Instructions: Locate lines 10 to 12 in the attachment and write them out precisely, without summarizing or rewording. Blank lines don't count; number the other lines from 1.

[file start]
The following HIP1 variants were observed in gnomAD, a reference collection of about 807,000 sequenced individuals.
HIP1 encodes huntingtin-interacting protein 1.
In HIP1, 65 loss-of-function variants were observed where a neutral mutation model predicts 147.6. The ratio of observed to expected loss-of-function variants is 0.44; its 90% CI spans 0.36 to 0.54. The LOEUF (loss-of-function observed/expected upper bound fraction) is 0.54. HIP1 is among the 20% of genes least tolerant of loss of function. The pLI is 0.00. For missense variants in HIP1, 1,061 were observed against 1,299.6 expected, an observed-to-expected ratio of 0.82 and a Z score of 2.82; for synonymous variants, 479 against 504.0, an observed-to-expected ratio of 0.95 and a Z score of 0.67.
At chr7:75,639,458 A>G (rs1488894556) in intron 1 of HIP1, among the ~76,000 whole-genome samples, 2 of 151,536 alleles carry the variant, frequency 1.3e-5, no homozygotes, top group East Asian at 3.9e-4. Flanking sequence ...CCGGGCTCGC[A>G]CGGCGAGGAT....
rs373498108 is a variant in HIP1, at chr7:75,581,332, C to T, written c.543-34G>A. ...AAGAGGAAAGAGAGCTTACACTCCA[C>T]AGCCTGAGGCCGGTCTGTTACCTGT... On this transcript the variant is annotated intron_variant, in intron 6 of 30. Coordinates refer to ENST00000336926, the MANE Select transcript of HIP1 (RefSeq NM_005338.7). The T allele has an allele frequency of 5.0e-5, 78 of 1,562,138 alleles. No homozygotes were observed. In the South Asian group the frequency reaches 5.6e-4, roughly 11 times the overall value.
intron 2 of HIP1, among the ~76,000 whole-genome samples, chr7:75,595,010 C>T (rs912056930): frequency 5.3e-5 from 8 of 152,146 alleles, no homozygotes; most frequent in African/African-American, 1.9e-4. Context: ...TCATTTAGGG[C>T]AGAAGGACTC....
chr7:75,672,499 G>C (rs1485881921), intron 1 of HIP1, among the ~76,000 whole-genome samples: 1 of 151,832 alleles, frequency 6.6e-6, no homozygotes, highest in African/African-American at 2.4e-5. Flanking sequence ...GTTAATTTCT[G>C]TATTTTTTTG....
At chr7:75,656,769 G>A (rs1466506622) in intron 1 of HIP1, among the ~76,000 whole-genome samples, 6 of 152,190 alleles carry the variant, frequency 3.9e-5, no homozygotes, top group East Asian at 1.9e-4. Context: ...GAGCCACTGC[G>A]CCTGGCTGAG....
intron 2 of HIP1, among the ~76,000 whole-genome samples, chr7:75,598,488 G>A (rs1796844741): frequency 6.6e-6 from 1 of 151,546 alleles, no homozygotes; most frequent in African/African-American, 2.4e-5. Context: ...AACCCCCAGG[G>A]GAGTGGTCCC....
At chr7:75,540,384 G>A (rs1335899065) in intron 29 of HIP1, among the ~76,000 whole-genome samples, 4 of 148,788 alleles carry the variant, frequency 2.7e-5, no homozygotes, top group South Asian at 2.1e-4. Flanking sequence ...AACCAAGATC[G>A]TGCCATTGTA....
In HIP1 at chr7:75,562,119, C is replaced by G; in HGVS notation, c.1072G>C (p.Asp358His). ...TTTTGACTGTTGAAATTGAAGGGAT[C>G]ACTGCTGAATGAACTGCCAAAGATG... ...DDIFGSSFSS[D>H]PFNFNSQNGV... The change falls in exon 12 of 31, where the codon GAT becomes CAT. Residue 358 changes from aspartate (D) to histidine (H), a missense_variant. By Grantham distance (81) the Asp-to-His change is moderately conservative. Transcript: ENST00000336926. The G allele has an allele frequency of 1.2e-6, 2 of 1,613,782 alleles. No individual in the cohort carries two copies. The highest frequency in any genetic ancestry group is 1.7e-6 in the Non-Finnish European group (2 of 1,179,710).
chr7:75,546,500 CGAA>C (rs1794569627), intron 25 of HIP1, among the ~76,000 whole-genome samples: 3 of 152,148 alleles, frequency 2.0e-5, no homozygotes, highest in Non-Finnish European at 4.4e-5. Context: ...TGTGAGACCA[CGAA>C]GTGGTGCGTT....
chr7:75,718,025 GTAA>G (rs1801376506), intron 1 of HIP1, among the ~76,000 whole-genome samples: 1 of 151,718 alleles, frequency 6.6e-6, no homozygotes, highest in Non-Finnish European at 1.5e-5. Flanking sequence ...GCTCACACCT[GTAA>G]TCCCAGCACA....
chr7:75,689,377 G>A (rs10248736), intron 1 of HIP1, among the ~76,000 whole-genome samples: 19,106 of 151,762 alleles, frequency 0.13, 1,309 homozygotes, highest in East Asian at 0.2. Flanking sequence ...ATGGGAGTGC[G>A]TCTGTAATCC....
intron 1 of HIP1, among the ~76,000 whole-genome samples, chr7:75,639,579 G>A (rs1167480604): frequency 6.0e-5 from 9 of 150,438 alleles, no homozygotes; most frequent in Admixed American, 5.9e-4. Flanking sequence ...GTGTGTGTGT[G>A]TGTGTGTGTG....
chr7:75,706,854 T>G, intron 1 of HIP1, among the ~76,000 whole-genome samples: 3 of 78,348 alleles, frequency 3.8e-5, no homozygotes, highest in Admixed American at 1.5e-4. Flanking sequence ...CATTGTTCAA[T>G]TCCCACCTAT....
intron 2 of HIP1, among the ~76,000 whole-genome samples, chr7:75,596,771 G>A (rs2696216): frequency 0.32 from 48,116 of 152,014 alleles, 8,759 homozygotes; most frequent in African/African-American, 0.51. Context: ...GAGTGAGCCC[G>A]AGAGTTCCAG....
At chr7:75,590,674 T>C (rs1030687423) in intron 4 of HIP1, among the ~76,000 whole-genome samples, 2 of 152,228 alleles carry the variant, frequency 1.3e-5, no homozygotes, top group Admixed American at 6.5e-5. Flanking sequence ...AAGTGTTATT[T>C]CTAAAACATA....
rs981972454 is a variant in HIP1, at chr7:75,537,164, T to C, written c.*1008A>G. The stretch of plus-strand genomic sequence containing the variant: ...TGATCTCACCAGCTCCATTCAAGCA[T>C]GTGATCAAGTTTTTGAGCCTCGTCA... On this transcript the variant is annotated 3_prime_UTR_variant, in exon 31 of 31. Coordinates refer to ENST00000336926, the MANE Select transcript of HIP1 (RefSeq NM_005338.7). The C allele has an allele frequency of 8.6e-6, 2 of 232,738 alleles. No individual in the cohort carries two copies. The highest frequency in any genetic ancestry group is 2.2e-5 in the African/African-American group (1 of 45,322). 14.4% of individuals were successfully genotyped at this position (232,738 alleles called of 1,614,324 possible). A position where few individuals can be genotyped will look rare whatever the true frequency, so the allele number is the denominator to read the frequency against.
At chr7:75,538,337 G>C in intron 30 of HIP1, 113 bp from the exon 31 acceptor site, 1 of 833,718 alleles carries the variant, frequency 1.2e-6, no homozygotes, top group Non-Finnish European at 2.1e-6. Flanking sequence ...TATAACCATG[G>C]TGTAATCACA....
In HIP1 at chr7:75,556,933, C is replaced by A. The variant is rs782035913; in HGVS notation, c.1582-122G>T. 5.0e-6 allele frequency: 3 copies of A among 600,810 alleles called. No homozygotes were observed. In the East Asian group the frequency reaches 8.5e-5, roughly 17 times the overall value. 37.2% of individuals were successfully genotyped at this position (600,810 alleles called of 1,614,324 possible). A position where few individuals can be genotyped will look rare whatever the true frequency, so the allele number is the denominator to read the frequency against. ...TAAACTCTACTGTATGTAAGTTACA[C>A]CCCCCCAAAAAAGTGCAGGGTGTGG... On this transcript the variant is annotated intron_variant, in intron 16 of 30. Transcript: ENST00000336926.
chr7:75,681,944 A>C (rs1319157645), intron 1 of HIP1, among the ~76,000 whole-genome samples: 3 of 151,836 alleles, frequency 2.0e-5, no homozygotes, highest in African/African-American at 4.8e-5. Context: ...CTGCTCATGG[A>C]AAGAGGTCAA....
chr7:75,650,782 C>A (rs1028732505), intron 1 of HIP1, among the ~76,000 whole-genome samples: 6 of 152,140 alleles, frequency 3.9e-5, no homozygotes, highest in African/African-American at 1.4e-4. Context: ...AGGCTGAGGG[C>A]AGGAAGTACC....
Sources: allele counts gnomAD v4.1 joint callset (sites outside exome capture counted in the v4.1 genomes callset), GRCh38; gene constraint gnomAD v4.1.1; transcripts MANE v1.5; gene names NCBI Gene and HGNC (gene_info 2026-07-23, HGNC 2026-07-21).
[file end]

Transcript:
At chr7:75,540,384 G>A (rs1335899065) in intron 29 of HIP1, among the ~76,000 whole-genome samples, 4 of 148,788 alleles carry the variant, frequency 2.7e-5, no homozygotes, top group South Asian at 2.1e-4. Flanking sequence ...AACCAAGATC[G>A]TGCCATTGTA....
In HIP1 at chr7:75,562,119, C is replaced by G; in HGVS notation, c.1072G>C (p.Asp358His). ...TTTTGACTGTTGAAATTGAAGGGAT[C>G]ACTGCTGAATGAACTGCCAAAGATG... ...DDIFGSSFSS[D>H]PFNFNSQNGV... The change falls in exon 12 of 31, where the codon GAT becomes CAT. Residue 358 changes from aspartate (D) to histidine (H), a missense_variant. By Grantham distance (81) the Asp-to-His change is moderately conservative. Transcript: ENST00000336926. The G allele has an allele frequency of 1.2e-6, 2 of 1,613,782 alleles. No individual in the cohort carries two copies. The highest frequency in any genetic ancestry group is 1.7e-6 in the Non-Finnish European group (2 of 1,179,710).
chr7:75,546,500 CGAA>C (rs1794569627), intron 25 of HIP1, among the ~76,000 whole-genome samples: 3 of 152,148 alleles, frequency 2.0e-5, no homozygotes, highest in Non-Finnish European at 4.4e-5. Context: ...TGTGAGACCA[CGAA>C]GTGGTGCGTT....